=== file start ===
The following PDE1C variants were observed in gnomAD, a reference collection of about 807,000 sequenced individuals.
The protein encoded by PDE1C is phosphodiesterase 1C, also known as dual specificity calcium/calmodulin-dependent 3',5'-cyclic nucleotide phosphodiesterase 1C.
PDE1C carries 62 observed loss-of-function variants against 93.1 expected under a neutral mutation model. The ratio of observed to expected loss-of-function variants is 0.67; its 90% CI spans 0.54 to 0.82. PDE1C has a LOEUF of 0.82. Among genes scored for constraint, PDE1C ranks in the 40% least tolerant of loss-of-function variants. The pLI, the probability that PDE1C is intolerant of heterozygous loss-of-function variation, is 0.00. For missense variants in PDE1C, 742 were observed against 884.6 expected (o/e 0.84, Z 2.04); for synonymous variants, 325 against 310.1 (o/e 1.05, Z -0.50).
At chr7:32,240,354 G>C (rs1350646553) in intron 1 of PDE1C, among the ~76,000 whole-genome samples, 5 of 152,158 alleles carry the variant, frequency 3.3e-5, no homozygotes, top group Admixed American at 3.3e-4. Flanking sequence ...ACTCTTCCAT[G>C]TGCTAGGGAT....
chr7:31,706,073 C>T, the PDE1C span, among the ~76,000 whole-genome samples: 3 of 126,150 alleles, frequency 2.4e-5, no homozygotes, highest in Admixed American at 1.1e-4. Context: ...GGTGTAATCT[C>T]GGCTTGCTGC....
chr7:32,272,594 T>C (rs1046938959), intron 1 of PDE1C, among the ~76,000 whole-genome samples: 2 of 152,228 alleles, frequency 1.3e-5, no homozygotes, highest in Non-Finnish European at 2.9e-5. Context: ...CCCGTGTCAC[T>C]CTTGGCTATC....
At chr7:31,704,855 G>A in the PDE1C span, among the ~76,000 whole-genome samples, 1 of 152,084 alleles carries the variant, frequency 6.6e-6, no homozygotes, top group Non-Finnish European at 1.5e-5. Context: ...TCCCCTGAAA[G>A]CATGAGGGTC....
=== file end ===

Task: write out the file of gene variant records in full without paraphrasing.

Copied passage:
The following PDE1C variants were observed in gnomAD, a reference collection of about 807,000 sequenced individuals.
The protein encoded by PDE1C is phosphodiesterase 1C, also known as dual specificity calcium/calmodulin-dependent 3',5'-cyclic nucleotide phosphodiesterase 1C.
PDE1C carries 62 observed loss-of-function variants against 93.1 expected under a neutral mutation model. The ratio of observed to expected loss-of-function variants is 0.67; its 90% CI spans 0.54 to 0.82. PDE1C has a LOEUF of 0.82. Among genes scored for constraint, PDE1C ranks in the 40% least tolerant of loss-of-function variants. The pLI, the probability that PDE1C is intolerant of heterozygous loss-of-function variation, is 0.00. For missense variants in PDE1C, 742 were observed against 884.6 expected (o/e 0.84, Z 2.04); for synonymous variants, 325 against 310.1 (o/e 1.05, Z -0.50).
At chr7:32,240,354 G>C (rs1350646553) in intron 1 of PDE1C, among the ~76,000 whole-genome samples, 5 of 152,158 alleles carry the variant, frequency 3.3e-5, no homozygotes, top group Admixed American at 3.3e-4. Flanking sequence ...ACTCTTCCAT[G>C]TGCTAGGGAT....
chr7:31,706,073 C>T, the PDE1C span, among the ~76,000 whole-genome samples: 3 of 126,150 alleles, frequency 2.4e-5, no homozygotes, highest in Admixed American at 1.1e-4. Context: ...GGTGTAATCT[C>T]GGCTTGCTGC....
chr7:32,272,594 T>C (rs1046938959), intron 1 of PDE1C, among the ~76,000 whole-genome samples: 2 of 152,228 alleles, frequency 1.3e-5, no homozygotes, highest in Non-Finnish European at 2.9e-5. Context: ...CCCGTGTCAC[T>C]CTTGGCTATC....
At chr7:31,704,855 G>A in the PDE1C span, among the ~76,000 whole-genome samples, 1 of 152,084 alleles carries the variant, frequency 6.6e-6, no homozygotes, top group Non-Finnish European at 1.5e-5. Context: ...TCCCCTGAAA[G>A]CATGAGGGTC....